|Replacing an old site|
| 3:24 pm on Nov 8, 2005 (gmt 0)|
We've had a site targetting localised keywords (E.g Widgets New York) for a couple of years. Whilst we have #1 rankings for most if not all of those keywords, however, due to them being somewhat specific we recieve a relitively humble amount of visitors from the search engines.
Recently, we've been developing a new site to replace the old; new content, new structure, more pages etc. in order to target more generic phrases. Of course, we understand that any success for these major keywords is likely to take time, if it happens at all.
In the mean time, we were hoping to keep the old site up somewhere so that we still rank for our current, 'lesser' keywords. What's the best way to do this?
We have two domains. Is it okay to leave the old site on one, and put the new one on the other?
Would it be more sensible to take the old site down initially, and waiting for those pages to disappear from Google's index before reuploading the old site, in order to escape any duplicate content penalties?
I'd appreciate your thoughts.
| 9:19 am on Nov 9, 2005 (gmt 0)|
|We have two domains. Is it okay to leave the old site on one, and put the new one on the other? |
Is the content broadly the same on the two sites? If so, there may be a risk (however slight) of tripping a duplicate content filter...
If you've got new content on the new domain, it's not an issue...
| 9:36 am on Nov 9, 2005 (gmt 0)|
The content is freshly written; there are no extracts from the old content present in the new. However, the content is still about the same products and services, and taking into account the company name will also be present throughout, there will be some similarities in the words used.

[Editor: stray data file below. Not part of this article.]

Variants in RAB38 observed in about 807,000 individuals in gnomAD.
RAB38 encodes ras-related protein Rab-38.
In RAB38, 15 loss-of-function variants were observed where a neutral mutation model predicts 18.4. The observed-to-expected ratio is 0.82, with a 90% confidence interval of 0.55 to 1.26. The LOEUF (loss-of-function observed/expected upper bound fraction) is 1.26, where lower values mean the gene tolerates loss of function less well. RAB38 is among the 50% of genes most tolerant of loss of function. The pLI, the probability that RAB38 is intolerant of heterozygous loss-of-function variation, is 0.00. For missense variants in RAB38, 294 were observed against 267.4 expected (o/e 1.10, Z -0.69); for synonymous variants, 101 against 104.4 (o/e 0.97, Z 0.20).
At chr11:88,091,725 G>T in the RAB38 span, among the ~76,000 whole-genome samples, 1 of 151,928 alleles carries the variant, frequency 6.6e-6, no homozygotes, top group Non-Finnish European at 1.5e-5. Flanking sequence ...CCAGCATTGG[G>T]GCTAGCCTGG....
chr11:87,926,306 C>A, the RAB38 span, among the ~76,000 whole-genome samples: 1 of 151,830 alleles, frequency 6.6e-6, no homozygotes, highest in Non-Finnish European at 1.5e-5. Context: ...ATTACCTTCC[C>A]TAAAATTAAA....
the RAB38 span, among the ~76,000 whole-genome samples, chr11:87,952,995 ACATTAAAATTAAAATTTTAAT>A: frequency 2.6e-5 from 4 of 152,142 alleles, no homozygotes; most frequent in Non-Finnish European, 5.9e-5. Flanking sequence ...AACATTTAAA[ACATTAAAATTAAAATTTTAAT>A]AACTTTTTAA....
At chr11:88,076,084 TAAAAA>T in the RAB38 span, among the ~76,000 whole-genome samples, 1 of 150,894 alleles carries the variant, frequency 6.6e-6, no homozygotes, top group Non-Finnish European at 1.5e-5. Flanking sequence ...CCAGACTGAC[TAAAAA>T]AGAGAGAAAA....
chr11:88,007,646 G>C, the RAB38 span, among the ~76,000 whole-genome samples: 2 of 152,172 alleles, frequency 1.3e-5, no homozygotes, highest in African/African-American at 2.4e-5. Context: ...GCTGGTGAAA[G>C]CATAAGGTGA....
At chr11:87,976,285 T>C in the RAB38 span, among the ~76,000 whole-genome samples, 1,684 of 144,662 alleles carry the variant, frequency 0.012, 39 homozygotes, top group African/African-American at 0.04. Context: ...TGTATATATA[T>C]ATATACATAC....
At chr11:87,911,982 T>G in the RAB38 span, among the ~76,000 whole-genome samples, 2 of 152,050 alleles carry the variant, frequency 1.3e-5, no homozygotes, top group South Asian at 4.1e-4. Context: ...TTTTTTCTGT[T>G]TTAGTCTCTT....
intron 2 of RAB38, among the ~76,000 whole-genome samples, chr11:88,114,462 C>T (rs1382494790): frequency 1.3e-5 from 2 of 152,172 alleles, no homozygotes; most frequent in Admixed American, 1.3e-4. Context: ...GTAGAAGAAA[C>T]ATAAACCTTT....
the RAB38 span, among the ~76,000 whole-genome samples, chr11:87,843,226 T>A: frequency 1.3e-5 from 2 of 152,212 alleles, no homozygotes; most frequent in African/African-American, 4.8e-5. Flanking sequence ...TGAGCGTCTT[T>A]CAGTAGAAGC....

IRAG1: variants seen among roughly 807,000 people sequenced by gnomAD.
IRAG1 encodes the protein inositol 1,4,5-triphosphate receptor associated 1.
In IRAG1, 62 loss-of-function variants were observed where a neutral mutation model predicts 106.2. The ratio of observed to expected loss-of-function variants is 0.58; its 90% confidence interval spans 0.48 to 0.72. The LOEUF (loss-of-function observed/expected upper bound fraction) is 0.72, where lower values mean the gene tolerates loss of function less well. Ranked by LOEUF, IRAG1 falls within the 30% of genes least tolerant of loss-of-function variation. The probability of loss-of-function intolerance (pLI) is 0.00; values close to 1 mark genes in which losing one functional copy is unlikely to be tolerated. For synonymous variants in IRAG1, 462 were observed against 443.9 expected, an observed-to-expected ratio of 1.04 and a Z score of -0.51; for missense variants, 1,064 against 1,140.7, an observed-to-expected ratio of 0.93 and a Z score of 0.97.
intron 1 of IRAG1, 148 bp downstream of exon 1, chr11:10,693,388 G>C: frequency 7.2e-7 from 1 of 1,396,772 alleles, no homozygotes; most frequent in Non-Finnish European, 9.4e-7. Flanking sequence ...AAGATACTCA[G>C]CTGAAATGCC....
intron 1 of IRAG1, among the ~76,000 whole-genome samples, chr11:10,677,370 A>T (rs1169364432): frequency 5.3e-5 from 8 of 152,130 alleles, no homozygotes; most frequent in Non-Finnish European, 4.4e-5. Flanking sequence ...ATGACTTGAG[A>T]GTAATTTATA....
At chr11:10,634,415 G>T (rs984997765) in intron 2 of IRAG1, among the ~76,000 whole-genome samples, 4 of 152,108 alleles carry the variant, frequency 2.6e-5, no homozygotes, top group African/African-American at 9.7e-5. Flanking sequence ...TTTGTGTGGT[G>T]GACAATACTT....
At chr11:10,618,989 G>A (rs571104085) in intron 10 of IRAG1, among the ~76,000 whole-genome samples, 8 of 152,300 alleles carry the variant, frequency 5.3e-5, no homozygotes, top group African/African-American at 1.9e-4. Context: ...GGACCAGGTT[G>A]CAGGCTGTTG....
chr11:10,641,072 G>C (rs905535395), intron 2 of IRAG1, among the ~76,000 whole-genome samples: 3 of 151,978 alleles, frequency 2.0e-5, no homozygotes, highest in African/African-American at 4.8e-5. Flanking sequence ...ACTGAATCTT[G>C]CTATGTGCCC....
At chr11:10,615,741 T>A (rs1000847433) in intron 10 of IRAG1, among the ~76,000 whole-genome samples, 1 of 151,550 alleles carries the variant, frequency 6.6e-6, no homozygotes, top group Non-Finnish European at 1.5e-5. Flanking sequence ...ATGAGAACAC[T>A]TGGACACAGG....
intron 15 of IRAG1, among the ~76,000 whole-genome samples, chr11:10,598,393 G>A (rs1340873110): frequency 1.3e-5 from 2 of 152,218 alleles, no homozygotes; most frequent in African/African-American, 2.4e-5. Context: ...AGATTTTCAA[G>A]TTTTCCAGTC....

That leads me to the question, how sensitive is the duplicate content filter? And what basis does it work on; would a similar number of the same words trigger it or do they have to be in the same order as the original source?
| 10:05 am on Nov 9, 2005 (gmt 0)|
I have no proof what so ever, but I have a feeling that the dupe filter isn't all that sensitive.
I often publish se same article on two or three websites with similar fokus, making sure to re-word every other sentence, restructure the texts, use different headlines and such.
In most cases both or all three of these pages turn up in Serps.
| 3:01 pm on Nov 9, 2005 (gmt 0)|
I am also moving to a new site, but I'll use permanent redirect fro each page on the old site to each corresponding page on the new site. This way I expect to have no duplicate content issues and also keep my backlinks and possibly PR.
| 1:15 pm on Nov 10, 2005 (gmt 0)|
"I am also moving to a new site, but I'll use permanent redirect fro each page on the old site to each corresponding page on the new site. This way I expect to have no duplicate content issues and also keep my backlinks and possibly PR."
I've been thinking of a name change which would actually be a new site, but I'll have to hunt down a safe expired domain. I've worked extremely hard to get high in the serps for 15-16 months now and it has finally paid off.
Problem is our website title or current url confuses many. We started as a consumer resource guide in '02 but changed to become an etailer last year. I'm certain our sales would double with a different url. Anyone have any words of wisdom to make a change without losing all those great SERP positions? Does a permanent redirect really work? Problem is the site is already a redirect from another domain. Sounds like a mess eh?
Thanks for any responses.